TF: Our entire supply chain is in India, which has been particularly hard hit by the crisis. Our main factory was closed for several weeks in the spring and then operated at significantly reduced capacity in the summer and fall. Although this was certainly challenging and delayed the full launch of our product line, it gave us the opportunity to hold true to our fair trade values. Rather than canceling our orders or switching to another factory, we worked with our suppliers to prioritize critical products and items that could be made by small numbers of workers in separate rooms, such as face masks. 

BB: Our kids’ face mask is a great example in finding a way to support our partner factory. Once the Kolkata area started opening for business, returning to work presented challenges for many staff, especially those traveling outside the area. With safety precautions being a priority, our suppliers were eager to restart production, even at a limited capacity. To help support the staff immediately, we came up with a kids’ face mask that is fully adjustable and easy to put on and take off, even for the smallest fingers. Once we launched our kids face masks, we had a great response and already have more colors and assortments on the way.

Where do you see Mightly headed in the future?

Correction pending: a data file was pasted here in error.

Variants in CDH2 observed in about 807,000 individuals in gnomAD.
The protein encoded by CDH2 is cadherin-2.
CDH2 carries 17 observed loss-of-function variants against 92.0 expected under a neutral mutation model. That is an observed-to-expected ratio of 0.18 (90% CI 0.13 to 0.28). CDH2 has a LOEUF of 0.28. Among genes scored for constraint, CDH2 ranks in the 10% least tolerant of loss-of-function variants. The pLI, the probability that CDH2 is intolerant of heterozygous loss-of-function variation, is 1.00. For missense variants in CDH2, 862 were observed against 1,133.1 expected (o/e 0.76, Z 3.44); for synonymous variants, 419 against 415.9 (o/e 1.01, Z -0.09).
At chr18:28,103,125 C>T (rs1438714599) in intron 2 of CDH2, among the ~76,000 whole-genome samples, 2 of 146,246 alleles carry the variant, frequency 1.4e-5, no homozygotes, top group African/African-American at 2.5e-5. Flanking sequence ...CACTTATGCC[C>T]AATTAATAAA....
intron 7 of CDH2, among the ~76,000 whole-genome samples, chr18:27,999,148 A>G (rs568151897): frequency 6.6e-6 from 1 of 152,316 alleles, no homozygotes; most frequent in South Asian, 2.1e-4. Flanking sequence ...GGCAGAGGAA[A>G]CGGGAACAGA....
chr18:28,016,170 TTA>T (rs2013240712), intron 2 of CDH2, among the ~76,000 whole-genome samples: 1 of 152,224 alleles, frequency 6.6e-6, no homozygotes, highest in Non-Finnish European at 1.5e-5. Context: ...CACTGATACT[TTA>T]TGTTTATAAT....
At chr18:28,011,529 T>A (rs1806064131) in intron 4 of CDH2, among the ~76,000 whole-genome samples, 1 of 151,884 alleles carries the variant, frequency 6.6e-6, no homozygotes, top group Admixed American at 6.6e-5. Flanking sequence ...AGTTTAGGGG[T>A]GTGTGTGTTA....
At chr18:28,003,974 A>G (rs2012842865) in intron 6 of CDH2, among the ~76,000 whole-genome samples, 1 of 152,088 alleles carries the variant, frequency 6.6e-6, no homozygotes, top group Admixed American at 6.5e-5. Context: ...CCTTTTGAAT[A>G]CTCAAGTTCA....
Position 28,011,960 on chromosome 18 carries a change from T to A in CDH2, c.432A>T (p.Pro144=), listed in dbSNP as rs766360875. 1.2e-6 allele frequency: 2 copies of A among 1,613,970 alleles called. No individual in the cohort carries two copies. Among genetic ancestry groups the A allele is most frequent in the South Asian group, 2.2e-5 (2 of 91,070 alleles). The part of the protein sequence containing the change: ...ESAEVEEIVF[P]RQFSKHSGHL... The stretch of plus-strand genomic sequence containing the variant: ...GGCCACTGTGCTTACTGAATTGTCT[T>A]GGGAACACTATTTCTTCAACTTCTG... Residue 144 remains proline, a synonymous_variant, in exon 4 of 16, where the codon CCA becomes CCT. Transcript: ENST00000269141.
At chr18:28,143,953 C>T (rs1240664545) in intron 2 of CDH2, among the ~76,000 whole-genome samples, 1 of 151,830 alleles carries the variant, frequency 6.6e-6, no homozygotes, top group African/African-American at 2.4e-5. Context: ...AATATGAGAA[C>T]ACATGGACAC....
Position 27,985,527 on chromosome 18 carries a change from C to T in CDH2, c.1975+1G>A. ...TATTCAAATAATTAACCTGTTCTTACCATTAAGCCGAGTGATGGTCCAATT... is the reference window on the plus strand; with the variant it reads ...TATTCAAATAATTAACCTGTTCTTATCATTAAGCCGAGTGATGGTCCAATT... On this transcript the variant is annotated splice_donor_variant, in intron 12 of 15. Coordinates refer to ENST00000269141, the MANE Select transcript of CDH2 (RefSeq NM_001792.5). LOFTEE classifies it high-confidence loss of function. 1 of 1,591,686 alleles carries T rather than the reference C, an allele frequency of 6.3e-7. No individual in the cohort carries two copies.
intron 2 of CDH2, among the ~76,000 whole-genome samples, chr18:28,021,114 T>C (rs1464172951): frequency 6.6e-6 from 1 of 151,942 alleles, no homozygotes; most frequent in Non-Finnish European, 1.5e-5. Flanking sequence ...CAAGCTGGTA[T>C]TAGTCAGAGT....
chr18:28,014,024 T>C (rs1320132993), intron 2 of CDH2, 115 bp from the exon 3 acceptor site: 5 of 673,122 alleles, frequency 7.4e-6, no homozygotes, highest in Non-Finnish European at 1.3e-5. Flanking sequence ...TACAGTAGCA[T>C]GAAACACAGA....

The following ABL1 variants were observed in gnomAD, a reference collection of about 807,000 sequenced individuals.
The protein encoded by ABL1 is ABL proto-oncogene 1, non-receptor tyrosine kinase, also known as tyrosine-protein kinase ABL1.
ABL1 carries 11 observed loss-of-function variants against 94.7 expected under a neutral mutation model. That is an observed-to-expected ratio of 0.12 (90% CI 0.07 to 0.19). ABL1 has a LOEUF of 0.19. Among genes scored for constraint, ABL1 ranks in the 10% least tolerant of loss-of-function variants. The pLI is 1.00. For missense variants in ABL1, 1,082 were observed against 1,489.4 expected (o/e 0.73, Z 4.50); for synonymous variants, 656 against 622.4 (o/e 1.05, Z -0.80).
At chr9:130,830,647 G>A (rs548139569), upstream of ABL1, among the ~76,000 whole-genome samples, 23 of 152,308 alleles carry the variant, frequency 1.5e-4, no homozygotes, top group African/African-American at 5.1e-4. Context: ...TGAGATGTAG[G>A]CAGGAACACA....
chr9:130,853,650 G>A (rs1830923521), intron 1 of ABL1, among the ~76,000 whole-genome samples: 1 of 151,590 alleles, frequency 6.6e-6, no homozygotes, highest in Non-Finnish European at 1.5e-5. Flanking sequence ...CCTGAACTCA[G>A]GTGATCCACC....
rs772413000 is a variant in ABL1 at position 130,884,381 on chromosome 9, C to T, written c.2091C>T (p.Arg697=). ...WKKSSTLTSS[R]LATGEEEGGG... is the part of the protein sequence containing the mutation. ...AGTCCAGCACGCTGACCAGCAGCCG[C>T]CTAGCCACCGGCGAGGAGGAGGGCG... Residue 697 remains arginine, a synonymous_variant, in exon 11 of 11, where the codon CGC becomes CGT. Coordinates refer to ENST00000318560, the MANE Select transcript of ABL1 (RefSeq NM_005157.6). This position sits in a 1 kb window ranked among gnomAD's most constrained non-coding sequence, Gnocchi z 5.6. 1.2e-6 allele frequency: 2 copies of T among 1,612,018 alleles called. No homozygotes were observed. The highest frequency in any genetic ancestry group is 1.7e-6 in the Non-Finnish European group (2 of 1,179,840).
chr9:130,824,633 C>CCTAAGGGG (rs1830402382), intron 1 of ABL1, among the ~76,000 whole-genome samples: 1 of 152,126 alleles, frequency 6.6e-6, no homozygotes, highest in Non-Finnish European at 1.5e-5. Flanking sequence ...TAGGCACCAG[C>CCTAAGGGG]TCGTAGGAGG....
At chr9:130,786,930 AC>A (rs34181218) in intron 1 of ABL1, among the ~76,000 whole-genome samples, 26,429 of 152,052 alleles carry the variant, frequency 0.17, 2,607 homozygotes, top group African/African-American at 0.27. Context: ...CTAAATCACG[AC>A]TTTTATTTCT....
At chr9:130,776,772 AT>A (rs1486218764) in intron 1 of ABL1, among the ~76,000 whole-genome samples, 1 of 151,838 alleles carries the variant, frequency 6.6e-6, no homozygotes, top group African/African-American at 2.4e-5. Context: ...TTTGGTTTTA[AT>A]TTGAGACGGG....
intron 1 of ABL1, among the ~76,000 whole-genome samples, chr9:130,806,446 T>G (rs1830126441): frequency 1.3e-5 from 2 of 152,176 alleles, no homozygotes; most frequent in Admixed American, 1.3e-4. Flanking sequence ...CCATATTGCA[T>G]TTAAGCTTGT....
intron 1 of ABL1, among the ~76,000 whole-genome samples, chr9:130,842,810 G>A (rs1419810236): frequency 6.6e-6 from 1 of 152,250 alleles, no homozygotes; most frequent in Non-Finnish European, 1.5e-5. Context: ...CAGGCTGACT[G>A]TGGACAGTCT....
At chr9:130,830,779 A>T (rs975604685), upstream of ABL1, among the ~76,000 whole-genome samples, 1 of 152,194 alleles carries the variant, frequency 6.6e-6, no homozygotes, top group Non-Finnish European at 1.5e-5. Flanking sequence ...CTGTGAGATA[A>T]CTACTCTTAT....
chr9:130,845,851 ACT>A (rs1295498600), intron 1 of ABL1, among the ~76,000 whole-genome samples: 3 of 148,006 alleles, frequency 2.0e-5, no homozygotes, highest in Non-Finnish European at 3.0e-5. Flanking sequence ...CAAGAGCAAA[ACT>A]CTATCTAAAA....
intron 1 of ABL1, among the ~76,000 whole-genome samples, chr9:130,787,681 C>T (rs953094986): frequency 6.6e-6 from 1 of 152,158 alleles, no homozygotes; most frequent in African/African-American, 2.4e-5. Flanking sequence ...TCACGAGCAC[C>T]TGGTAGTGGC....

TF: Our goal for Mightly is to make organic and Fair Trade Certified clothing more accessible to more families. We believe that all kids should be able to wear natural organic fibers that are free from toxic dyes and chemicals, and that the people who make our clothes should have a safe and healthy working environment and be fairly compensated for their labor. To achieve this goal we are expanding our product line and size range, as well as our distribution channels. We are also working on other projects to better support our sustainability goals. We have completed mapping our supply chain and will be updating our website to provide our customers full transparency into our business practices. Another issue is packaging; we are working to reduce our plastic waste and completely eliminate our use of virgin plastic. Lastly, we’re going carbon neutral in 2021! 

BB: My vision for Mightly is to go beyond seeing kids everywhere wearing our clothes and sleeping in our pajamas. There are many exciting product categories that we have plans for, but beyond that, I see Mightly as a brand that grows with families and one that families can rely on for uncompromised quality when it comes to affordability, while staying true to the core principle of being a truly sustainable brand. As a mom and as a business owner, I have the unique opportunity to show my kids how a company can scale, but at the same time, be good for people and the planet. That’s not only my vision but my commitment to doing good.

Learn more at mightly.com and on Instagram @mightlyme.

Categories:  Fashion Design Alumni